… our owners and partners have worked tirelessly for public transport to contribute in its role as an important societal function during and after the corona pandemic.
Although this demanding situation challenges public transport as we know it today, it is important to look for opportunities that we might be able to implement after the pandemic has ended.
We have walked and cycled more than ever before in 2020, and we see that many people have started to travel outside rush hour now that home office has become a more normal part of everyday life. New ways of working have created and sometimes required more flexibility for both employers and employees. Rush hour costs society a lot because it requires greater capacity both on the road and in public transport. With lower rush hour peaks, we save both time and money, and thus lowering the burden on society as a whole. We can make better use of vehicles and infrastructure and thus also reduce emissions from the entire transport sector. Everyone will benefit from maintaining the good habits we learned during these hard times. This can also help us reach the national and international sustainability goals we have set for ourselves.
The pandemic could accelerate the transformation into a new and more customer-centric mobility system. We will therefore need to monitor many situations closely as we move out of the crisis.
We need to monitory our customers, learn from experience, understand the new travel patterns that are arising and make quick adjustments when needed. Ruter’s vision, which was launched in the autumn of 2020, is a good and important ‘guiding star’ for us to follow in this work.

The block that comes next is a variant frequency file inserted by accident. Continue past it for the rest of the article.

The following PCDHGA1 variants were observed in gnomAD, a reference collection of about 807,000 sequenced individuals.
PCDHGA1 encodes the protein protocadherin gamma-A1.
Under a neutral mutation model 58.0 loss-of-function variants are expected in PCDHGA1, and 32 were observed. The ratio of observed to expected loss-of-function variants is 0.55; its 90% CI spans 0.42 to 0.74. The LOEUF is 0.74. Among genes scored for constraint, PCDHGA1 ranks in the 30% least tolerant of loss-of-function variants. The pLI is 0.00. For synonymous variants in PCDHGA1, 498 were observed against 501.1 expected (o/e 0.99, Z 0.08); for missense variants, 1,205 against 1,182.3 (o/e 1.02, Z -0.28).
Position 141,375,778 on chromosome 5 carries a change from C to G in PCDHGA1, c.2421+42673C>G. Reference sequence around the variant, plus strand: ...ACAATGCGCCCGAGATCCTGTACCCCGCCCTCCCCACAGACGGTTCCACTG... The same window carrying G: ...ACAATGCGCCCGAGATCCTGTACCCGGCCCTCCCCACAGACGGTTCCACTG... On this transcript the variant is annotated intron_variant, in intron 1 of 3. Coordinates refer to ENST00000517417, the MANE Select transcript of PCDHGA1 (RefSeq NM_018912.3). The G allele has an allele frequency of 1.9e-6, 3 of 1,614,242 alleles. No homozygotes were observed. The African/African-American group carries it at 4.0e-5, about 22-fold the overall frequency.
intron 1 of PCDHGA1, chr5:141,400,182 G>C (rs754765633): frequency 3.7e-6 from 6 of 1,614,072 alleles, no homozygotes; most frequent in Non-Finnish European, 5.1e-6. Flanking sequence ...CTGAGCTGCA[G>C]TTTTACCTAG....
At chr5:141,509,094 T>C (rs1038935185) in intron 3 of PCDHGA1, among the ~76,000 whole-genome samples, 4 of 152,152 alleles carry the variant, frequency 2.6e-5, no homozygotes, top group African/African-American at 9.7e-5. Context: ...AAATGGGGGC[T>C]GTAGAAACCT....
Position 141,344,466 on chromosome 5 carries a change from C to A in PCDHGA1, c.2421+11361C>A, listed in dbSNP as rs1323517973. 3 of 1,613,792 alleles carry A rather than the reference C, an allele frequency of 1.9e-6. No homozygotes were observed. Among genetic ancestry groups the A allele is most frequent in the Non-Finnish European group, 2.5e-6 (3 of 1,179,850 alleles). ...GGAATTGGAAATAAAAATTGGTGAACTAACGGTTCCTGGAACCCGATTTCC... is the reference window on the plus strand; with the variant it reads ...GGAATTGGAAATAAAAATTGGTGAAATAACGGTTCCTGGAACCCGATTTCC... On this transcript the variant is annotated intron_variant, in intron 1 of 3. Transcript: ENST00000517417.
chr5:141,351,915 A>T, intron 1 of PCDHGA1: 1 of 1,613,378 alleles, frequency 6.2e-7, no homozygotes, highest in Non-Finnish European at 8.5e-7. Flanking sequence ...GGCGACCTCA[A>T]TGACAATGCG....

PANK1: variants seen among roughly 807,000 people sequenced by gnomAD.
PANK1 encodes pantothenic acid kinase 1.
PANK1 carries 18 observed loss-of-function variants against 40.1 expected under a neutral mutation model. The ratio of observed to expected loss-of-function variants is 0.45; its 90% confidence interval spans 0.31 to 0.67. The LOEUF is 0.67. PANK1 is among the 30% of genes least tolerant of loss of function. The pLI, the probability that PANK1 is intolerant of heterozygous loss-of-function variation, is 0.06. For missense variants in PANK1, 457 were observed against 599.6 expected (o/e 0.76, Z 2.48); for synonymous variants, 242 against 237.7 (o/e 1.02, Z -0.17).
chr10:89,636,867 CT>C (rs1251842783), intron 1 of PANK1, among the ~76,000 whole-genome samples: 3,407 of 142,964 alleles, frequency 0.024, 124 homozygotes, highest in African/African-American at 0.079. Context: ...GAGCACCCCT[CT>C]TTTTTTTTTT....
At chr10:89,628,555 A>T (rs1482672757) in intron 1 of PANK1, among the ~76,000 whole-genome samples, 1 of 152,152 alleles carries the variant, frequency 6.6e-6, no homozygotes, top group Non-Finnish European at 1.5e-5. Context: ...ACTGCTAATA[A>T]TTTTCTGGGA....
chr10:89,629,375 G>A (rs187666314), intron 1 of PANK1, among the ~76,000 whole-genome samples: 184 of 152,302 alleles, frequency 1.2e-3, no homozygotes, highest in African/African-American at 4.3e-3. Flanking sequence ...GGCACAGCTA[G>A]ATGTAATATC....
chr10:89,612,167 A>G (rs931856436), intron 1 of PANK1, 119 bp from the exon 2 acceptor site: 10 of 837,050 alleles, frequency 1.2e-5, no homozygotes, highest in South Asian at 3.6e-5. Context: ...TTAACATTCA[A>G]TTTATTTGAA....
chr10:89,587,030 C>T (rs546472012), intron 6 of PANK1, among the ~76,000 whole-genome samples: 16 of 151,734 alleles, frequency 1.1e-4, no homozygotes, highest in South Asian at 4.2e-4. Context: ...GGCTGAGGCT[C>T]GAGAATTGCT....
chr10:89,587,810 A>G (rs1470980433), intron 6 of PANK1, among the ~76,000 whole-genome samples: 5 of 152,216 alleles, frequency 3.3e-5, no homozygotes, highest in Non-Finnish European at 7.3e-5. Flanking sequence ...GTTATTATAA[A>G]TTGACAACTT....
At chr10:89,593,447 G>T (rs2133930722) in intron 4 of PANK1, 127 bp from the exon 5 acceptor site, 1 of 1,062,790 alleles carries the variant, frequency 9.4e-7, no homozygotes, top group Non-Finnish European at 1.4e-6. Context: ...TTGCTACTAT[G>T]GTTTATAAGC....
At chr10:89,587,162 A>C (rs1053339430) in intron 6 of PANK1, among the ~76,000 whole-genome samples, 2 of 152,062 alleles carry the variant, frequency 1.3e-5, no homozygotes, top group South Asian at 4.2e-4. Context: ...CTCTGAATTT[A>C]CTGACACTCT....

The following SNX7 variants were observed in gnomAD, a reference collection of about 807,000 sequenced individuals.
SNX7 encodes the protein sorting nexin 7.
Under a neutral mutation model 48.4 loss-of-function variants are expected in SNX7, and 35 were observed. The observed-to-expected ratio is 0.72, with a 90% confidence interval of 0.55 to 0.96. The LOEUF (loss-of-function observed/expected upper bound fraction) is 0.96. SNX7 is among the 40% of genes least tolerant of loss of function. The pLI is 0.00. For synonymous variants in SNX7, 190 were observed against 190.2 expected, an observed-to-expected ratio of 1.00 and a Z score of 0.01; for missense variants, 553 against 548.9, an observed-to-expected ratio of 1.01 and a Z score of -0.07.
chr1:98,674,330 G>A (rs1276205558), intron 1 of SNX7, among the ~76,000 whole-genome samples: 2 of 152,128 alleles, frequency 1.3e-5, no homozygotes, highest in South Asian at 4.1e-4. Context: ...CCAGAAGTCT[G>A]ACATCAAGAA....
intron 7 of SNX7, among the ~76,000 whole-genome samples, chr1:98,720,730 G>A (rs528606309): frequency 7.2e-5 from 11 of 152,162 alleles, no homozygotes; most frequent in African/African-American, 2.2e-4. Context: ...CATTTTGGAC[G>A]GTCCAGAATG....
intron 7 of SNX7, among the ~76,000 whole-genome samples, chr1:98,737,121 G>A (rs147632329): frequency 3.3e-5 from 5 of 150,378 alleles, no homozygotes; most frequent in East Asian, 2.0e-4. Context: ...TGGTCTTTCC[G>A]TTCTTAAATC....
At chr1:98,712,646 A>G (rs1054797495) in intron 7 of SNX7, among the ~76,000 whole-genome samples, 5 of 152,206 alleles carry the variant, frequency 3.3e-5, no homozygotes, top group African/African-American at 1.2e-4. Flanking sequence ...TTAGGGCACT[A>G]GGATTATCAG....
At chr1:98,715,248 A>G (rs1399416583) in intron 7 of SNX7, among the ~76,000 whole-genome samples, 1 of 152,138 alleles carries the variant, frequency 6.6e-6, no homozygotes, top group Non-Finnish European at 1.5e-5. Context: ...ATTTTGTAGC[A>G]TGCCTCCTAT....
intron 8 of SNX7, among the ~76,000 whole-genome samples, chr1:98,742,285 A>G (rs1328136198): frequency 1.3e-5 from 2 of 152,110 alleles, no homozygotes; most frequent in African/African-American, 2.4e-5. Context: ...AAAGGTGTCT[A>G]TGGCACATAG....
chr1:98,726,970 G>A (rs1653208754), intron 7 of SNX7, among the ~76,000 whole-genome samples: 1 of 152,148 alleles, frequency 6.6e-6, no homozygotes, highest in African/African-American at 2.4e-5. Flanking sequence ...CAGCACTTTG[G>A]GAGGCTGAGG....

The corona pandemic hit Norway in the final phase of this work. Our Vision describes the most important developmental trends that affect our society and their possible implications for the transport sector. Data and the new insight these can provide, have become important tools for deciding what and how we offer new and better services. More than half of the bus fleet is now equipped with many onboard sensors that stream data in real time about driving conditions, weather, delays and how many people get on and off. We have also used machine learning and Artificial Intelligence to make it easier for our customers to contact us. The goal is to provide faster and more relevant information when customers need it.
The pandemic has shown us how fast the world can change. Public transport has shown the ability to adapt and delivered on the new social mission. Knowledge has been developed and new opportunities will come. 2020 was a long uphill climb, but we hope to reach the peak soon. We will reach the summit in good shape and descend into the New Normal at a good pace, so we can continue our contribution to the Green Shift and create a more sustainable world together.
Thank you so much for the trust you have shown and continue to show us. I look forward to seeing you again on board soon!